It is not just those of us who work in higher education, but stakeholders throughout the United States who are paying attention to sexual violence on college and university campuses. At institutions across the country, administrators are working with students, faculty and staff to increase reporting, provide trauma-informed services to survivors, and prevent violence by changing campus culture. Prevention work is an especially challenging part of this effort: progress can be slow and it is frequently difficult to document its successes. Thanks to updates in federal legislation and enforcement, sexual violence prevention on campus is a renewed priority: colleges are legally required to administer prevention programming for all incoming students, as well as on-going awareness campaigns for the entire campus. Culture of Respect recognizes the importance and unique difficulties of prevention, and is committed to supporting college administrators in making evidence-based decisions around prevention efforts.
One demonstration of that commitment is the Prevention Programming Matrix featured on the Culture of Respect website; the Matrix is a valuable and easy-to-use tool for campus stakeholders who are tasked with planning prevention and awareness programming for students. The Matrix includes one-page overviews of over 30 programs that are (1) based in evidence and driven by theory and (2) available for implementing at schools across the United States.
When deciding on a prevention program, administrations are faced with many considerations, such as the needs of the student body, budget constraints, and the time commitment asked of students. It is essential for campus administrators to focus on the strength of the program’s curricula and how it will help contribute to a culture change on campus. Below is a summary of a few key concepts that are common components of many programs offered.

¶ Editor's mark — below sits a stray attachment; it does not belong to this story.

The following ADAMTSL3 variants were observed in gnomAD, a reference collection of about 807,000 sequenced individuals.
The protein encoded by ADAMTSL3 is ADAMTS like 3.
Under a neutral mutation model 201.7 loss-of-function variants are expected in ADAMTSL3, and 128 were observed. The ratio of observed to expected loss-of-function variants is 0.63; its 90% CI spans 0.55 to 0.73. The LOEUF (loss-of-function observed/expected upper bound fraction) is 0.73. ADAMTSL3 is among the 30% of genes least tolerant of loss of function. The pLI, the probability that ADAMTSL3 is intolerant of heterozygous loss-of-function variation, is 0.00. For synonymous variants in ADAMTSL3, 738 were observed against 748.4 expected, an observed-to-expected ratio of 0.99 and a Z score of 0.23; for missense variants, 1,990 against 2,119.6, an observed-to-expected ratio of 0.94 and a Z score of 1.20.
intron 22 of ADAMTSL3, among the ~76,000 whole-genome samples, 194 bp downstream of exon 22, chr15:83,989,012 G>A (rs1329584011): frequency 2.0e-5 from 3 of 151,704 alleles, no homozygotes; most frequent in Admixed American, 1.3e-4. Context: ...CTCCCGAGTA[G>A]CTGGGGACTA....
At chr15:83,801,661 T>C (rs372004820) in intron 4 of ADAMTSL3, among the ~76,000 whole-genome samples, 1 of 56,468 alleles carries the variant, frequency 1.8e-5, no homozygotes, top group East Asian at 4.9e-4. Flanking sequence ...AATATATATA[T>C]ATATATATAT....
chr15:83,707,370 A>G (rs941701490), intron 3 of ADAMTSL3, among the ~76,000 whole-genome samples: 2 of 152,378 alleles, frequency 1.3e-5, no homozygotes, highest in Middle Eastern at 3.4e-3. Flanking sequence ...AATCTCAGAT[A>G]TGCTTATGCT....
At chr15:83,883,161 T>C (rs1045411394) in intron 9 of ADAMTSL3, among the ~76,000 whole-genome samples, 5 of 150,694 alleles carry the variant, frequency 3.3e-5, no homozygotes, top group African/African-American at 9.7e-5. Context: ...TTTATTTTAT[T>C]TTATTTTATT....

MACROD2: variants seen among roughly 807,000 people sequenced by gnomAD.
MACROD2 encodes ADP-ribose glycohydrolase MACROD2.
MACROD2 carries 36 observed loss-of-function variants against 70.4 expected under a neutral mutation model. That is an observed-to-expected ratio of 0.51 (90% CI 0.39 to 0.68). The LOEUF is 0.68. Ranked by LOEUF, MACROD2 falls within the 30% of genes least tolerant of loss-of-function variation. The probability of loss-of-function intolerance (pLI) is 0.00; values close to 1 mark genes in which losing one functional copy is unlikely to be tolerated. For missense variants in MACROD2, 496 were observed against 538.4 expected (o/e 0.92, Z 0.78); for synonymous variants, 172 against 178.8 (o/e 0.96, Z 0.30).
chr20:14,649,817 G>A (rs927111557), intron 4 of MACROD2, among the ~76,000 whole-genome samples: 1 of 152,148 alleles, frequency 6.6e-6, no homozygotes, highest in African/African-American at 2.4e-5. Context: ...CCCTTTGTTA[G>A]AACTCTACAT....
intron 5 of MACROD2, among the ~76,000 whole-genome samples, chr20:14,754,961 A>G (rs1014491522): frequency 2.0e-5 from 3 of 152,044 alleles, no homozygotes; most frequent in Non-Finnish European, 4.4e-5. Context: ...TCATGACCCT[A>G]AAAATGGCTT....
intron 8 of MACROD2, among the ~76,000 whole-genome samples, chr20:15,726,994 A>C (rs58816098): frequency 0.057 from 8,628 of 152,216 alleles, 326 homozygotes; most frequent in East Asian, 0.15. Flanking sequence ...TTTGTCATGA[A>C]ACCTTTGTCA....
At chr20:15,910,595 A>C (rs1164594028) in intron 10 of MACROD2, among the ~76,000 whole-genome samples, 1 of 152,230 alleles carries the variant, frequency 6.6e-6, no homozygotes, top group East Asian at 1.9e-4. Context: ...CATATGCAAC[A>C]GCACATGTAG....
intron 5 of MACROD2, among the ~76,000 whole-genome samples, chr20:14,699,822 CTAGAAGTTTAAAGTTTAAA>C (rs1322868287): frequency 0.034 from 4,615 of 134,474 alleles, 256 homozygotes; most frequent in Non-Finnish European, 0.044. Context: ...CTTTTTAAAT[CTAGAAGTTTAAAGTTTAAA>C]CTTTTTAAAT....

Bystander Intervention. Bystander intervention is now a central element of violence prevention efforts not only because it is supported by a robust research base, but because it is federally mandated through the Campus SaVE Act. Bystander intervention is a community-based prevention approach that asks students to accept responsibility for intervening in situations where violence might occur. But for bystander intervention to be successful, campus administrators, faculty and staff must work together to create an environment that supports students who come forward to take action or report violence. It is important that prevention education efforts, in addition to institutional policies and procedures, are supportive to bystanders.
Addressing Diversity. Prevention programs are responding to what we in higher education know is true – our college campuses are diverse places, and sexual violence impacts all students differently. Programs can demonstrate a true commitment to the importance of intersectionality by addressing head-on how students’ complex identities intersect with sexual violence. For example, Agent of Change, an online program from We End Violence, does this effectively by exploring how racial stereotypes feed rape myths. Alternatively, colleges can offer differentiated programming that speaks specifically to identity-based groups on campus. BOUT That Life is a bystander intervention workshop that helps participants identify how historical and cultural influences impact students of color.